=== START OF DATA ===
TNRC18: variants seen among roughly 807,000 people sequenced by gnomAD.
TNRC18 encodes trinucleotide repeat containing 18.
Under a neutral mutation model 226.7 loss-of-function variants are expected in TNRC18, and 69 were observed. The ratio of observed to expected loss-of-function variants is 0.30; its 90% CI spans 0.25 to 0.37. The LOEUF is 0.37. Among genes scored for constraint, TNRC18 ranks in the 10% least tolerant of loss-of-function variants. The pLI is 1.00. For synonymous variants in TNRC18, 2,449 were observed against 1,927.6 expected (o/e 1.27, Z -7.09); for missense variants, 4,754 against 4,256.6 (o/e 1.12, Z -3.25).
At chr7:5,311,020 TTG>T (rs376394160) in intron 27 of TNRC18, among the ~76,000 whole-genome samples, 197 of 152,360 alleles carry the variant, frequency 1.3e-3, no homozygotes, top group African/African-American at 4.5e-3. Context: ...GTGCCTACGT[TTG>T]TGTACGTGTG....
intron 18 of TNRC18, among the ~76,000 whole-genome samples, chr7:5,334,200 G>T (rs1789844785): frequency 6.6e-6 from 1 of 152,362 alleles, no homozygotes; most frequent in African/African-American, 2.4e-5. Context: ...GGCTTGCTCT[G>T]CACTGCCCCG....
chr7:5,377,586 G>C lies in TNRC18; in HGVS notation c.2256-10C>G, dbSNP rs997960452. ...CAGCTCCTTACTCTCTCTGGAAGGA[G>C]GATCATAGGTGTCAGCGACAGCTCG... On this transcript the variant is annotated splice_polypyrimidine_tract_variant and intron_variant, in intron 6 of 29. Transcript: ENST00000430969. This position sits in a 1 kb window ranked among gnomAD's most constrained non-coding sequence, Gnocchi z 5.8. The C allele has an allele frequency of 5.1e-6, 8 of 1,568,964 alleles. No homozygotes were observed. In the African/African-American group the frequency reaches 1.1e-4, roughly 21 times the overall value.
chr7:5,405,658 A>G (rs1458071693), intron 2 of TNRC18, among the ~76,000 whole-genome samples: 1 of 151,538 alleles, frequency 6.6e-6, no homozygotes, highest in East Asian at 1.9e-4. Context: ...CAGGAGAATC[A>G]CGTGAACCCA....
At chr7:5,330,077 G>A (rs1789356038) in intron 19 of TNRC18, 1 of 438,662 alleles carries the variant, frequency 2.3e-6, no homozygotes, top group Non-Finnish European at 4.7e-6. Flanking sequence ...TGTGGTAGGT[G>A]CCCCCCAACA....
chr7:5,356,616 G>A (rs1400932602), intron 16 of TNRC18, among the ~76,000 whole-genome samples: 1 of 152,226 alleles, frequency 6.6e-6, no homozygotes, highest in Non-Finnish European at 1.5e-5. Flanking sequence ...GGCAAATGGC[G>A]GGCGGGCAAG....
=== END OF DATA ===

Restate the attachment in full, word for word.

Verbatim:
TNRC18: variants seen among roughly 807,000 people sequenced by gnomAD.
TNRC18 encodes trinucleotide repeat containing 18.
Under a neutral mutation model 226.7 loss-of-function variants are expected in TNRC18, and 69 were observed. The ratio of observed to expected loss-of-function variants is 0.30; its 90% CI spans 0.25 to 0.37. The LOEUF is 0.37. Among genes scored for constraint, TNRC18 ranks in the 10% least tolerant of loss-of-function variants. The pLI is 1.00. For synonymous variants in TNRC18, 2,449 were observed against 1,927.6 expected (o/e 1.27, Z -7.09); for missense variants, 4,754 against 4,256.6 (o/e 1.12, Z -3.25).
At chr7:5,311,020 TTG>T (rs376394160) in intron 27 of TNRC18, among the ~76,000 whole-genome samples, 197 of 152,360 alleles carry the variant, frequency 1.3e-3, no homozygotes, top group African/African-American at 4.5e-3. Context: ...GTGCCTACGT[TTG>T]TGTACGTGTG....
intron 18 of TNRC18, among the ~76,000 whole-genome samples, chr7:5,334,200 G>T (rs1789844785): frequency 6.6e-6 from 1 of 152,362 alleles, no homozygotes; most frequent in African/African-American, 2.4e-5. Context: ...GGCTTGCTCT[G>T]CACTGCCCCG....
chr7:5,377,586 G>C lies in TNRC18; in HGVS notation c.2256-10C>G, dbSNP rs997960452. ...CAGCTCCTTACTCTCTCTGGAAGGA[G>C]GATCATAGGTGTCAGCGACAGCTCG... On this transcript the variant is annotated splice_polypyrimidine_tract_variant and intron_variant, in intron 6 of 29. Transcript: ENST00000430969. This position sits in a 1 kb window ranked among gnomAD's most constrained non-coding sequence, Gnocchi z 5.8. The C allele has an allele frequency of 5.1e-6, 8 of 1,568,964 alleles. No homozygotes were observed. In the African/African-American group the frequency reaches 1.1e-4, roughly 21 times the overall value.
chr7:5,405,658 A>G (rs1458071693), intron 2 of TNRC18, among the ~76,000 whole-genome samples: 1 of 151,538 alleles, frequency 6.6e-6, no homozygotes, highest in East Asian at 1.9e-4. Context: ...CAGGAGAATC[A>G]CGTGAACCCA....
At chr7:5,330,077 G>A (rs1789356038) in intron 19 of TNRC18, 1 of 438,662 alleles carries the variant, frequency 2.3e-6, no homozygotes, top group Non-Finnish European at 4.7e-6. Flanking sequence ...TGTGGTAGGT[G>A]CCCCCCAACA....
chr7:5,356,616 G>A (rs1400932602), intron 16 of TNRC18, among the ~76,000 whole-genome samples: 1 of 152,226 alleles, frequency 6.6e-6, no homozygotes, highest in Non-Finnish European at 1.5e-5. Flanking sequence ...GGCAAATGGC[G>A]GGCGGGCAAG....